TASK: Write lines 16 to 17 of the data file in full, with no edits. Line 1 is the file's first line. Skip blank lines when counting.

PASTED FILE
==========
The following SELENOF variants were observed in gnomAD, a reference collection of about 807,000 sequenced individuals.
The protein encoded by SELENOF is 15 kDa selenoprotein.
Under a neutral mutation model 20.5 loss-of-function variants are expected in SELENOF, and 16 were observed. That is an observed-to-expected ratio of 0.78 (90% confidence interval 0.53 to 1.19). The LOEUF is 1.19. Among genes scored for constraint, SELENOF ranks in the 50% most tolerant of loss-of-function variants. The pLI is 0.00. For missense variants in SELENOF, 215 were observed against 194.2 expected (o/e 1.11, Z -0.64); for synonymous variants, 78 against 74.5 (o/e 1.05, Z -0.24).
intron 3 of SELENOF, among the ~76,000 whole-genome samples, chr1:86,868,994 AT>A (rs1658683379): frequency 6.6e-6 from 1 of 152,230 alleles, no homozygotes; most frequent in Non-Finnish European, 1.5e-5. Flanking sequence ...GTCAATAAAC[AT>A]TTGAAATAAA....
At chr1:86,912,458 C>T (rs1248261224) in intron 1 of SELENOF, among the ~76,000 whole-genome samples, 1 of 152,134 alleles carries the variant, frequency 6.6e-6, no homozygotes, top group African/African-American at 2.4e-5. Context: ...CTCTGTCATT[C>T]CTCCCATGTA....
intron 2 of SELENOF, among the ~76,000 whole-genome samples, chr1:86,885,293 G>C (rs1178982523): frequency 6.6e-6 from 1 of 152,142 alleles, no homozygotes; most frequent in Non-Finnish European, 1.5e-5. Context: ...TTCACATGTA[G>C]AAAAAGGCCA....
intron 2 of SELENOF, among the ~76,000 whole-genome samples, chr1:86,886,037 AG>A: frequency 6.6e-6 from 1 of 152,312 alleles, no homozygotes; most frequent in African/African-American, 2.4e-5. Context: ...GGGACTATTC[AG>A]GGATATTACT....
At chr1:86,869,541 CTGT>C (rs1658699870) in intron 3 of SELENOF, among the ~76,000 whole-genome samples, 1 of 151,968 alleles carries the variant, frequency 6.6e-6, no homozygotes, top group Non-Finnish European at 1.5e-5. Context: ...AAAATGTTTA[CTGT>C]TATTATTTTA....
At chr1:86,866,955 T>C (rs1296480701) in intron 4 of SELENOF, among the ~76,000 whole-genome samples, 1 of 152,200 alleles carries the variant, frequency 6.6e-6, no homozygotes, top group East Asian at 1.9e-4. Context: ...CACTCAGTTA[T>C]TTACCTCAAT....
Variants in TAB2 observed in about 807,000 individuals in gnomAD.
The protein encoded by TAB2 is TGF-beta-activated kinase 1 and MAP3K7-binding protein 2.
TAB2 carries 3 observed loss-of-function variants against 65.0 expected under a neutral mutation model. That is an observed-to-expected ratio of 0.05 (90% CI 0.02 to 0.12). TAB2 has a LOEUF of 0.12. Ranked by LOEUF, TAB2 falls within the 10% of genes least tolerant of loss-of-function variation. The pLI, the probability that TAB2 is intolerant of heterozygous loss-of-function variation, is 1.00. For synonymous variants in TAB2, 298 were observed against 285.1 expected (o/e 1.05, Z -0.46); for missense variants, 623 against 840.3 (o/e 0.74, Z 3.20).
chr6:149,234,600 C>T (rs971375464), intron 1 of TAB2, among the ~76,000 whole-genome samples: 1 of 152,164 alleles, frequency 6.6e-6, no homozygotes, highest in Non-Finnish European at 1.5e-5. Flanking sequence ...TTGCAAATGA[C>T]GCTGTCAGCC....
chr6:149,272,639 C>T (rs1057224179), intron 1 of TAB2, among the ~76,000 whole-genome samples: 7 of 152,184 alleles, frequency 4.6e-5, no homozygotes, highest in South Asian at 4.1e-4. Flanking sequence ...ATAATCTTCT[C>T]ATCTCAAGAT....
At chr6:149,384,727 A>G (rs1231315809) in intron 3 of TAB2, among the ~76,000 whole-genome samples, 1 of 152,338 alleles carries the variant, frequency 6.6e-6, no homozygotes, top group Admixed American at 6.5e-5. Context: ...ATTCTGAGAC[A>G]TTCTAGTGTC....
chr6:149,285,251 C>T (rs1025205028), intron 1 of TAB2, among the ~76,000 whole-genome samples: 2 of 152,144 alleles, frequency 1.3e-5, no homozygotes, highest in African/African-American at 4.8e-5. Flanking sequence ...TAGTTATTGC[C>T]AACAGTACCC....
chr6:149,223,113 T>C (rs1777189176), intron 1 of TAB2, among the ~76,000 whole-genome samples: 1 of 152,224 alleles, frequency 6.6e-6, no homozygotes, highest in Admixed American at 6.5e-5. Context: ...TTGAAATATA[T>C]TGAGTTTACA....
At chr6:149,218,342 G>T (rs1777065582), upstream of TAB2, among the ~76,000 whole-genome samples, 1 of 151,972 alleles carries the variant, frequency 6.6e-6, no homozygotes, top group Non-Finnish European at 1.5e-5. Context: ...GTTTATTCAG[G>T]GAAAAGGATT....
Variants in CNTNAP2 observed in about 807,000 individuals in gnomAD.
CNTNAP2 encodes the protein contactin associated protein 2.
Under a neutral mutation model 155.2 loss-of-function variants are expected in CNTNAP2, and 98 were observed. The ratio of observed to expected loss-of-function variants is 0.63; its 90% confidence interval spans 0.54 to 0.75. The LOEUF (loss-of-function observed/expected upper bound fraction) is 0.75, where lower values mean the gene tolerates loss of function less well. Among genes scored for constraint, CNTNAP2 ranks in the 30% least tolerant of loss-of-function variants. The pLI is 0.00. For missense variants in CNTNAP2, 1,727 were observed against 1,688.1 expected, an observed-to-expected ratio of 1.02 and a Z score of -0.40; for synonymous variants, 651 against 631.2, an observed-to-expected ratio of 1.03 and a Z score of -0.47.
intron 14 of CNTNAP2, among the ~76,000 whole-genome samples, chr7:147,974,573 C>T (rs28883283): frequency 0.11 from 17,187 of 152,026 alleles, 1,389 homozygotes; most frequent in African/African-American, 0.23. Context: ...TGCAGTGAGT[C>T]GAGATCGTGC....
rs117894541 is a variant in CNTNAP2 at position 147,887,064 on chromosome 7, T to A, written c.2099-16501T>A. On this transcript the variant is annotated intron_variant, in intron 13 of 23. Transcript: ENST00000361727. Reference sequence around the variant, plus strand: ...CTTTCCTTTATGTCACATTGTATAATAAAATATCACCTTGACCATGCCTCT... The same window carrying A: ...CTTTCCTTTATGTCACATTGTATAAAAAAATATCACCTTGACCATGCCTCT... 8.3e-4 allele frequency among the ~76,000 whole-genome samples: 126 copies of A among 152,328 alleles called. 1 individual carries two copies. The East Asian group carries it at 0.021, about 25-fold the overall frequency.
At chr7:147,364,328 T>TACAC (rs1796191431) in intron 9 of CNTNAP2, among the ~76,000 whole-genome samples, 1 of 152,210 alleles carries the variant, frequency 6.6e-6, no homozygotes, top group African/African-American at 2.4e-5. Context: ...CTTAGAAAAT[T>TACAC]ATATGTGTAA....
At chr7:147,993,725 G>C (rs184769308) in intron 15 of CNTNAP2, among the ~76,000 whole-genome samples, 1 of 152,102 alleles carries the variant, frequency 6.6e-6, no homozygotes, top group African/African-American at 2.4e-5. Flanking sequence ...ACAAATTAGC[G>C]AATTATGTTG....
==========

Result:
chr6:149,285,251 C>T (rs1025205028), intron 1 of TAB2, among the ~76,000 whole-genome samples: 2 of 152,144 alleles, frequency 1.3e-5, no homozygotes, highest in African/African-American at 4.8e-5. Flanking sequence ...TAGTTATTGC[C>T]AACAGTACCC....
chr6:149,223,113 T>C (rs1777189176), intron 1 of TAB2, among the ~76,000 whole-genome samples: 1 of 152,224 alleles, frequency 6.6e-6, no homozygotes, highest in Admixed American at 6.5e-5. Context: ...TTGAAATATA[T>C]TGAGTTTACA....